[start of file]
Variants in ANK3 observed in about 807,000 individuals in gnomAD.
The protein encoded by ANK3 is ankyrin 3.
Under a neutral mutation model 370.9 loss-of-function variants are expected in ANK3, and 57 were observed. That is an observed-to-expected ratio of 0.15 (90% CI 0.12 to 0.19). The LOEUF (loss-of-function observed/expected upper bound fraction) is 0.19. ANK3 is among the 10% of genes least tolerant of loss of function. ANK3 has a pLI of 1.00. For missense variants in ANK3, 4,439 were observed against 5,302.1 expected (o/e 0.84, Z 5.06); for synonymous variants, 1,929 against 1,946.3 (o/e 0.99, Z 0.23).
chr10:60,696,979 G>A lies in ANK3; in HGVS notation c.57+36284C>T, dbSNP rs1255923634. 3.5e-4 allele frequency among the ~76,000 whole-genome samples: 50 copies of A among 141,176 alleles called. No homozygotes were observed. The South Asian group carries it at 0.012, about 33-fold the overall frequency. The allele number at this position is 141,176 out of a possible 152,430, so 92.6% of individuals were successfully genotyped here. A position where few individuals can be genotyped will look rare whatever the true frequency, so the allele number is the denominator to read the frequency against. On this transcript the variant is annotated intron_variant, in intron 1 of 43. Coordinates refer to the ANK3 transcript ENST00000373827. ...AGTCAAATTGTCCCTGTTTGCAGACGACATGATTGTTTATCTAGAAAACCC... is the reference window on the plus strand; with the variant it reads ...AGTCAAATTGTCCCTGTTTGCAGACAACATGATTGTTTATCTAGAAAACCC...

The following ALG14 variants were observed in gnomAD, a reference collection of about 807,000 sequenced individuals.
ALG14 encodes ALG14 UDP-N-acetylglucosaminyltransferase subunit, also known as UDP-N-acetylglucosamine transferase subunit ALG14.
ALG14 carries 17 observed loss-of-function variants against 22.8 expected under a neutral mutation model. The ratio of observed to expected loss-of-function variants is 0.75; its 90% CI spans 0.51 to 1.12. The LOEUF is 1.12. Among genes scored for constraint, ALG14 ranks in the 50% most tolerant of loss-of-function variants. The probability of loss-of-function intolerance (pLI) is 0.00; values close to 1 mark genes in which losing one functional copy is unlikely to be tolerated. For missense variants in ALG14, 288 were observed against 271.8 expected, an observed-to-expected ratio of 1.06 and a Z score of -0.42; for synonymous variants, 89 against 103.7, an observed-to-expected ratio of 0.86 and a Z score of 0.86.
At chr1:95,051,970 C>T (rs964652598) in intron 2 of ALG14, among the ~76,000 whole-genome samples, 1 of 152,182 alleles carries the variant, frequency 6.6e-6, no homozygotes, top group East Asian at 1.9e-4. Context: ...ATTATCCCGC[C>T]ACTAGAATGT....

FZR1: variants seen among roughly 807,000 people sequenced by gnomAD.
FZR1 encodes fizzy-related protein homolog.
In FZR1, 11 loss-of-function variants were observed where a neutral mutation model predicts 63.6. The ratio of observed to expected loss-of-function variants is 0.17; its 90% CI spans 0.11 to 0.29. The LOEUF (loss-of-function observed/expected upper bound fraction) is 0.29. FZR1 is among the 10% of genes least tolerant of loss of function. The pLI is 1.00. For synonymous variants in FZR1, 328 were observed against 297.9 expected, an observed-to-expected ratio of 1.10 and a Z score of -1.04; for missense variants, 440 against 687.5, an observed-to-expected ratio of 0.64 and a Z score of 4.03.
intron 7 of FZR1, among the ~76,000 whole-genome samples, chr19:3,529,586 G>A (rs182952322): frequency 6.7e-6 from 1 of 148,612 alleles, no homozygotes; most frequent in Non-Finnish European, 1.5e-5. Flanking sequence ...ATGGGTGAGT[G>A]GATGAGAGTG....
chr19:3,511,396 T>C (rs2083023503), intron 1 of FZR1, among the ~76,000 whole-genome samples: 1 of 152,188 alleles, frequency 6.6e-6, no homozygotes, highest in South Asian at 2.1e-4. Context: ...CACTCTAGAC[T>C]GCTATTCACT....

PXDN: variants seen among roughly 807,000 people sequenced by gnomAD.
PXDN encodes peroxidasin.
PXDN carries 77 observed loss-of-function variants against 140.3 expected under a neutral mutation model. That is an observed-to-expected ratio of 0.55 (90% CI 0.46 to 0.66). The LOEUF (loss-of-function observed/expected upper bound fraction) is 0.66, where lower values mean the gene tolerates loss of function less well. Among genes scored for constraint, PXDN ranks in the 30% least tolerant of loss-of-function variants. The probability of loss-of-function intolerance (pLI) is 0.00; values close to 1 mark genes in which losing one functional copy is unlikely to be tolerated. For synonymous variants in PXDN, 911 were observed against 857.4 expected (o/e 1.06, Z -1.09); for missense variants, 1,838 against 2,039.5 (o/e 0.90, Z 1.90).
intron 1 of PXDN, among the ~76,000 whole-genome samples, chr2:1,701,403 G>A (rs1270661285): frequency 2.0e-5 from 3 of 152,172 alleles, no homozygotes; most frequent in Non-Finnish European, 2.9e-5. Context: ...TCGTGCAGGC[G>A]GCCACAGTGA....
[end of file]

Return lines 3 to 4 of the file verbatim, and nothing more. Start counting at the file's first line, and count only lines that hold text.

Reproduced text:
Under a neutral mutation model 370.9 loss-of-function variants are expected in ANK3, and 57 were observed. That is an observed-to-expected ratio of 0.15 (90% CI 0.12 to 0.19). The LOEUF (loss-of-function observed/expected upper bound fraction) is 0.19. ANK3 is among the 10% of genes least tolerant of loss of function. ANK3 has a pLI of 1.00. For missense variants in ANK3, 4,439 were observed against 5,302.1 expected (o/e 0.84, Z 5.06); for synonymous variants, 1,929 against 1,946.3 (o/e 0.99, Z 0.23).
chr10:60,696,979 G>A lies in ANK3; in HGVS notation c.57+36284C>T, dbSNP rs1255923634. 3.5e-4 allele frequency among the ~76,000 whole-genome samples: 50 copies of A among 141,176 alleles called. No homozygotes were observed. The South Asian group carries it at 0.012, about 33-fold the overall frequency. The allele number at this position is 141,176 out of a possible 152,430, so 92.6% of individuals were successfully genotyped here. A position where few individuals can be genotyped will look rare whatever the true frequency, so the allele number is the denominator to read the frequency against. On this transcript the variant is annotated intron_variant, in intron 1 of 43. Coordinates refer to the ANK3 transcript ENST00000373827. ...AGTCAAATTGTCCCTGTTTGCAGACGACATGATTGTTTATCTAGAAAACCC... is the reference window on the plus strand; with the variant it reads ...AGTCAAATTGTCCCTGTTTGCAGACAACATGATTGTTTATCTAGAAAACCC...